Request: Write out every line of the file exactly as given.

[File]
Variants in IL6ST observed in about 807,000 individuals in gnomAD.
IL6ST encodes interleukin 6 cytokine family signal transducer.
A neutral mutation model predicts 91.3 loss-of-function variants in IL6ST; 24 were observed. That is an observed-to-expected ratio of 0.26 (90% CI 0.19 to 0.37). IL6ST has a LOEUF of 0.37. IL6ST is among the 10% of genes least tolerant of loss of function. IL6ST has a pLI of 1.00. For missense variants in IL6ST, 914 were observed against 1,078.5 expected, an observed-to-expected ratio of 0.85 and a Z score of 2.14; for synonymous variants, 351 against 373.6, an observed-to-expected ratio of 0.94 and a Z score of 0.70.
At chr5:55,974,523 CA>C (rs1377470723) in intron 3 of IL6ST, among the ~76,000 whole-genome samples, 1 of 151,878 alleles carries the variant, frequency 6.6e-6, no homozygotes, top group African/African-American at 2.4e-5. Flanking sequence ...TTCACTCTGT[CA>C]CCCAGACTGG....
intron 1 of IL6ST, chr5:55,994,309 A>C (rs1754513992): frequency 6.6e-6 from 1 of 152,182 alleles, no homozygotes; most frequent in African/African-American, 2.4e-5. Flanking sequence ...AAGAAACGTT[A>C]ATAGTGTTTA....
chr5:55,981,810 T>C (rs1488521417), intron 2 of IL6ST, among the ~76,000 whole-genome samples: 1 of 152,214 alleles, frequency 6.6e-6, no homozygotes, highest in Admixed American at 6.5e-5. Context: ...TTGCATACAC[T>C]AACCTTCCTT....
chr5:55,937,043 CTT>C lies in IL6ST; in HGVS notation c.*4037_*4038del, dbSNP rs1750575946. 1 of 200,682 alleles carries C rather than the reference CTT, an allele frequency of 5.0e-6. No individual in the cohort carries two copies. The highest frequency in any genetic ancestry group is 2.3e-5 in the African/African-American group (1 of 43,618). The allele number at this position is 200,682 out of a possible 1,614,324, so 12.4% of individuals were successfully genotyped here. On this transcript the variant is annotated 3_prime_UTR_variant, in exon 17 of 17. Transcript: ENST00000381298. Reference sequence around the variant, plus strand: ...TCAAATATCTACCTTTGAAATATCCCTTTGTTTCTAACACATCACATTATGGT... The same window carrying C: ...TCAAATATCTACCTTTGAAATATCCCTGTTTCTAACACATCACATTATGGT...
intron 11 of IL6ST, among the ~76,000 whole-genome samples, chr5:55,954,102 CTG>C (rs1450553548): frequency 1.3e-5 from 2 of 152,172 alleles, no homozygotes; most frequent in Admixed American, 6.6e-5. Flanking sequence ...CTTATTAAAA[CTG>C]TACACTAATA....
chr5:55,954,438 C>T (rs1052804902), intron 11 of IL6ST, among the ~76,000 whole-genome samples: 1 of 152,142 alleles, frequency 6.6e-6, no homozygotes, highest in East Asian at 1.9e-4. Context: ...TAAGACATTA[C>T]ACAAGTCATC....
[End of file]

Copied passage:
Variants in IL6ST observed in about 807,000 individuals in gnomAD.
IL6ST encodes interleukin 6 cytokine family signal transducer.
A neutral mutation model predicts 91.3 loss-of-function variants in IL6ST; 24 were observed. That is an observed-to-expected ratio of 0.26 (90% CI 0.19 to 0.37). IL6ST has a LOEUF of 0.37. IL6ST is among the 10% of genes least tolerant of loss of function. IL6ST has a pLI of 1.00. For missense variants in IL6ST, 914 were observed against 1,078.5 expected, an observed-to-expected ratio of 0.85 and a Z score of 2.14; for synonymous variants, 351 against 373.6, an observed-to-expected ratio of 0.94 and a Z score of 0.70.
At chr5:55,974,523 CA>C (rs1377470723) in intron 3 of IL6ST, among the ~76,000 whole-genome samples, 1 of 151,878 alleles carries the variant, frequency 6.6e-6, no homozygotes, top group African/African-American at 2.4e-5. Flanking sequence ...TTCACTCTGT[CA>C]CCCAGACTGG....
intron 1 of IL6ST, chr5:55,994,309 A>C (rs1754513992): frequency 6.6e-6 from 1 of 152,182 alleles, no homozygotes; most frequent in African/African-American, 2.4e-5. Flanking sequence ...AAGAAACGTT[A>C]ATAGTGTTTA....
chr5:55,981,810 T>C (rs1488521417), intron 2 of IL6ST, among the ~76,000 whole-genome samples: 1 of 152,214 alleles, frequency 6.6e-6, no homozygotes, highest in Admixed American at 6.5e-5. Context: ...TTGCATACAC[T>C]AACCTTCCTT....
chr5:55,937,043 CTT>C lies in IL6ST; in HGVS notation c.*4037_*4038del, dbSNP rs1750575946. 1 of 200,682 alleles carries C rather than the reference CTT, an allele frequency of 5.0e-6. No individual in the cohort carries two copies. The highest frequency in any genetic ancestry group is 2.3e-5 in the African/African-American group (1 of 43,618). The allele number at this position is 200,682 out of a possible 1,614,324, so 12.4% of individuals were successfully genotyped here. On this transcript the variant is annotated 3_prime_UTR_variant, in exon 17 of 17. Transcript: ENST00000381298. Reference sequence around the variant, plus strand: ...TCAAATATCTACCTTTGAAATATCCCTTTGTTTCTAACACATCACATTATGGT... The same window carrying C: ...TCAAATATCTACCTTTGAAATATCCCTGTTTCTAACACATCACATTATGGT...
intron 11 of IL6ST, among the ~76,000 whole-genome samples, chr5:55,954,102 CTG>C (rs1450553548): frequency 1.3e-5 from 2 of 152,172 alleles, no homozygotes; most frequent in Admixed American, 6.6e-5. Flanking sequence ...CTTATTAAAA[CTG>C]TACACTAATA....
chr5:55,954,438 C>T (rs1052804902), intron 11 of IL6ST, among the ~76,000 whole-genome samples: 1 of 152,142 alleles, frequency 6.6e-6, no homozygotes, highest in East Asian at 1.9e-4. Context: ...TAAGACATTA[C>T]ACAAGTCATC....